Though far from a household name, John Shanks is the producer whose touch defines the sound of American chart pop across the spectrum from teen fodder like Ashlee Simpson and Backstreet Boys to AOR stalwarts Santana and Sheryl Crow – the latter acclaiming his ability to "make stuff sound like it belongs on the radio".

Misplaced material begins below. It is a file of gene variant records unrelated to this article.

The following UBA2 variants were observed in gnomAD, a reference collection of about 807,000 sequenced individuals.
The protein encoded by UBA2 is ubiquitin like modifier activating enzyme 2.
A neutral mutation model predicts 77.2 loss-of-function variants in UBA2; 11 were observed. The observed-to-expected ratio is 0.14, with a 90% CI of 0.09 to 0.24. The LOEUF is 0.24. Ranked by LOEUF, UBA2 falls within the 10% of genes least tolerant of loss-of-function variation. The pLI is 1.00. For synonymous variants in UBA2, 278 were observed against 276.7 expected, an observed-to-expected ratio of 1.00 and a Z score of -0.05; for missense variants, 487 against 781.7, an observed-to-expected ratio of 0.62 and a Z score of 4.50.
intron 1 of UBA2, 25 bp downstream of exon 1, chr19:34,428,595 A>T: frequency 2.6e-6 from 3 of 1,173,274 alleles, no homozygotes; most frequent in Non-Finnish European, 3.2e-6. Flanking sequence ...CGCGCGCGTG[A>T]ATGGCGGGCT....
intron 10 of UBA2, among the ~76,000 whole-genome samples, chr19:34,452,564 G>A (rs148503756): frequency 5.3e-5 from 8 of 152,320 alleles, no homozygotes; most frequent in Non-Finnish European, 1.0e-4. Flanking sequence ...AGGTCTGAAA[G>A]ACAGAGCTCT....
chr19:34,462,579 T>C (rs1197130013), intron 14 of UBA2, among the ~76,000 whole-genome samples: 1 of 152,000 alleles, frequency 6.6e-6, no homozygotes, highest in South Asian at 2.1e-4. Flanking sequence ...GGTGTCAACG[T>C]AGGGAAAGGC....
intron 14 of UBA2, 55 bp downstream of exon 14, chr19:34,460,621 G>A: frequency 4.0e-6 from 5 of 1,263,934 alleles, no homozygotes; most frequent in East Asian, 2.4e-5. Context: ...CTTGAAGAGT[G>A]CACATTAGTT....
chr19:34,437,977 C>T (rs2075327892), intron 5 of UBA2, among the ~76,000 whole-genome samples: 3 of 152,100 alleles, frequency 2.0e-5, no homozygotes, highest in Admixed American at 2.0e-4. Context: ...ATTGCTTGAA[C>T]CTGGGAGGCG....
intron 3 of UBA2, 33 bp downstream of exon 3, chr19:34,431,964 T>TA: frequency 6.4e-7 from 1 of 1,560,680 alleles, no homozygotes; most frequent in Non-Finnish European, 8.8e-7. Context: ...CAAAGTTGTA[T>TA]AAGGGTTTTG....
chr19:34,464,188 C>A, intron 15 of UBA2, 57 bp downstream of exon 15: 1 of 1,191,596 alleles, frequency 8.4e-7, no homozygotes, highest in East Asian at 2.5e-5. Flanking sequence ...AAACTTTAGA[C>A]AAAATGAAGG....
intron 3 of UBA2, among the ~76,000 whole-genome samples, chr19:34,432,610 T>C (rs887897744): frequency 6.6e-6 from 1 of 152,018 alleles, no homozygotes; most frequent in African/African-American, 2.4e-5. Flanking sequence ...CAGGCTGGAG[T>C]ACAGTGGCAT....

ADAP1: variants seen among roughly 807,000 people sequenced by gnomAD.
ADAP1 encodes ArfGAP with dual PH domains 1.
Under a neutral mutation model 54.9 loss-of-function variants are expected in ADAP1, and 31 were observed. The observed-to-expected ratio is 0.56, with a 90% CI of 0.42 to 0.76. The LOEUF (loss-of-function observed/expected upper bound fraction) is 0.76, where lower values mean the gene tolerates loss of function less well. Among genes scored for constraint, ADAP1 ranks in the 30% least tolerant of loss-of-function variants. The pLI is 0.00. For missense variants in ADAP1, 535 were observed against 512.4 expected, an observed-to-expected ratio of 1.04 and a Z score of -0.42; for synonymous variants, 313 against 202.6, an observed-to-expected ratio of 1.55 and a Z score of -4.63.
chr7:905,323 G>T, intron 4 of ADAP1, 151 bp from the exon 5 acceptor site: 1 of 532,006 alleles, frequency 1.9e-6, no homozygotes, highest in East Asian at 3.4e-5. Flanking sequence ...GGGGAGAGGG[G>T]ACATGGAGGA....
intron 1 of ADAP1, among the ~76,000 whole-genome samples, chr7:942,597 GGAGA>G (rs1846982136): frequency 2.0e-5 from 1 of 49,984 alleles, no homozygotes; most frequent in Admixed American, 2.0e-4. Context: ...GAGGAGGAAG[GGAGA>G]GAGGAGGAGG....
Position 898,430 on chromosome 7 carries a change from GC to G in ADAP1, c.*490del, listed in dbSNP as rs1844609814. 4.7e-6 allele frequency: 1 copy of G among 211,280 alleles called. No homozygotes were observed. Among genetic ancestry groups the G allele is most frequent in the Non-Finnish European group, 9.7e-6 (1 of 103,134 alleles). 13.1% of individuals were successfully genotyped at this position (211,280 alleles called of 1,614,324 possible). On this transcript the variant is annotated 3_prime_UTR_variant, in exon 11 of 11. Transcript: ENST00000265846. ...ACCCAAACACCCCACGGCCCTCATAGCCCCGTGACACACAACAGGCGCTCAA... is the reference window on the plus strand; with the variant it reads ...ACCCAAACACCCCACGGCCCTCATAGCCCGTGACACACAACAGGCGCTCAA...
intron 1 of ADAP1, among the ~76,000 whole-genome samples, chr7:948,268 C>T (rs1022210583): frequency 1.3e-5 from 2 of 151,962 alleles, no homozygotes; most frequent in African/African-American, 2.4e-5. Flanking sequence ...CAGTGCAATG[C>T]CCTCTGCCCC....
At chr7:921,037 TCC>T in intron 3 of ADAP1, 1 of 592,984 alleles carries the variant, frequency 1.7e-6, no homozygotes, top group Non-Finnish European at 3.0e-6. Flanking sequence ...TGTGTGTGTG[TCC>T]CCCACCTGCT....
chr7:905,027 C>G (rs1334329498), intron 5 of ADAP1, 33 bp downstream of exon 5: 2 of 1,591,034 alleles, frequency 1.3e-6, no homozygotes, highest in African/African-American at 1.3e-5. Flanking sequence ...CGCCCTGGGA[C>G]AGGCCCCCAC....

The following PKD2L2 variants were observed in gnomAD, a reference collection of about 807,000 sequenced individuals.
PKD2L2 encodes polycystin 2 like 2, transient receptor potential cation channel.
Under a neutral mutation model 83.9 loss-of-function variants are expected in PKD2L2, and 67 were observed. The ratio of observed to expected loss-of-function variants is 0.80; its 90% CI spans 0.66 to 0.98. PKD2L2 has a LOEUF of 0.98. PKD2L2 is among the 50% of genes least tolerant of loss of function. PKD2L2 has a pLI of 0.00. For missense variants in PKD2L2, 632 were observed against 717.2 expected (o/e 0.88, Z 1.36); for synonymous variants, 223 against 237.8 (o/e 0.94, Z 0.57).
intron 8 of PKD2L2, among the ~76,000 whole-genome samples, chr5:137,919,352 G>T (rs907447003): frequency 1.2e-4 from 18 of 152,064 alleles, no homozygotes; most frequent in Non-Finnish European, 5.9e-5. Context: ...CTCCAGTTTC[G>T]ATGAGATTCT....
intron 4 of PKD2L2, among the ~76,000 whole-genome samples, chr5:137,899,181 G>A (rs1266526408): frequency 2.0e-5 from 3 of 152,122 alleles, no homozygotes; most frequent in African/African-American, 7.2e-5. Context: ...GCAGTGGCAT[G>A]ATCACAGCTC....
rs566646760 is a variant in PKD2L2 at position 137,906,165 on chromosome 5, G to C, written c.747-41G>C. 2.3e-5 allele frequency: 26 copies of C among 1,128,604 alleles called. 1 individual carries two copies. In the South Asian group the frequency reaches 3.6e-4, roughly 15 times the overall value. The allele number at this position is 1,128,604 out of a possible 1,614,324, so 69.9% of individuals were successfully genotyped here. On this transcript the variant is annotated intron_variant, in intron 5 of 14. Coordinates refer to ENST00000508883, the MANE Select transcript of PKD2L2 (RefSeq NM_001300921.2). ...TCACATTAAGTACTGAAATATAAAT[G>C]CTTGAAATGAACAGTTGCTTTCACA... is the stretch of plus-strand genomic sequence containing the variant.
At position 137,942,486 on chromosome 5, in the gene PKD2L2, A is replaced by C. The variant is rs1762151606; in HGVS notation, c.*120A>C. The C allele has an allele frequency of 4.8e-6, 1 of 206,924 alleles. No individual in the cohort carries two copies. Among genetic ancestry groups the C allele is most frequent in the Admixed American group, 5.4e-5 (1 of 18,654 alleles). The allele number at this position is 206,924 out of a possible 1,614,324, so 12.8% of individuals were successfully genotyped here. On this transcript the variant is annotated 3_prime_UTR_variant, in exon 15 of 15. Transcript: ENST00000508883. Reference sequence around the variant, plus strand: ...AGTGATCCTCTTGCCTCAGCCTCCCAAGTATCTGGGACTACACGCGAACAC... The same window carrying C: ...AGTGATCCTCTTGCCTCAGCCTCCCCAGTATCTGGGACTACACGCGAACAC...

But even a genius needs something to work with, and on this second collaboration with the reformed Take That Shanks is dealing with fluff and nonsense (and Gary Barlow and Mark Owen), reduced to applying his trademark power-ballad arrangements to some of the worst lyrics ever written. Lines like "If love is a game, I'm playing all my cards" and "Why why why do you cry cry cry?" are poor enough, but by no means as bad as when Owen tries to illustrate how hard the world can be with the example of a girl who can't decide which dress to wear. "How did it come to this?" he wonders. Barlow is more assured, claiming in his Edenic survey of war and peace "The Garden" that "We're just miracles of matter"; but he too can't spot a cliché like without stepping eagerly into it. Musically it's no better, stuffed with bland ballads alleviated only by a couple of bouts of sub-Beatles cornball populism that hanker back to Fifties notions of all-round entertainment. Though not around here.
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